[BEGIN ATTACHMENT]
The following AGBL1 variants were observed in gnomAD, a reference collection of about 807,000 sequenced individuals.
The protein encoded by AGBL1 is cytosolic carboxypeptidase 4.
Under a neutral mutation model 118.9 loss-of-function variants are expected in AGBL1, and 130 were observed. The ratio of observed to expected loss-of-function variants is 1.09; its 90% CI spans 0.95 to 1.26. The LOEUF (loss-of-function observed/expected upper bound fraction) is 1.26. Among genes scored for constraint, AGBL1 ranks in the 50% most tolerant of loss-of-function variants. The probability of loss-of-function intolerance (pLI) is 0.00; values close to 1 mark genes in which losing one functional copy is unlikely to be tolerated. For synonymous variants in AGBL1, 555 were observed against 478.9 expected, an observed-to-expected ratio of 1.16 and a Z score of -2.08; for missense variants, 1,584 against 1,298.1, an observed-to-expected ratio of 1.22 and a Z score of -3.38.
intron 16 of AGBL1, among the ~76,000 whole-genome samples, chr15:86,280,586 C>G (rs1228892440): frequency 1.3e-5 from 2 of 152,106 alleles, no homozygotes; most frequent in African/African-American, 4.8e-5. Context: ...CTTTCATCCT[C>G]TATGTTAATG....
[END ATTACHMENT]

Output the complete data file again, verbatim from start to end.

The following AGBL1 variants were observed in gnomAD, a reference collection of about 807,000 sequenced individuals.
The protein encoded by AGBL1 is cytosolic carboxypeptidase 4.
Under a neutral mutation model 118.9 loss-of-function variants are expected in AGBL1, and 130 were observed. The ratio of observed to expected loss-of-function variants is 1.09; its 90% CI spans 0.95 to 1.26. The LOEUF (loss-of-function observed/expected upper bound fraction) is 1.26. Among genes scored for constraint, AGBL1 ranks in the 50% most tolerant of loss-of-function variants. The probability of loss-of-function intolerance (pLI) is 0.00; values close to 1 mark genes in which losing one functional copy is unlikely to be tolerated. For synonymous variants in AGBL1, 555 were observed against 478.9 expected, an observed-to-expected ratio of 1.16 and a Z score of -2.08; for missense variants, 1,584 against 1,298.1, an observed-to-expected ratio of 1.22 and a Z score of -3.38.
intron 16 of AGBL1, among the ~76,000 whole-genome samples, chr15:86,280,586 C>G (rs1228892440): frequency 1.3e-5 from 2 of 152,106 alleles, no homozygotes; most frequent in African/African-American, 4.8e-5. Context: ...CTTTCATCCT[C>G]TATGTTAATG....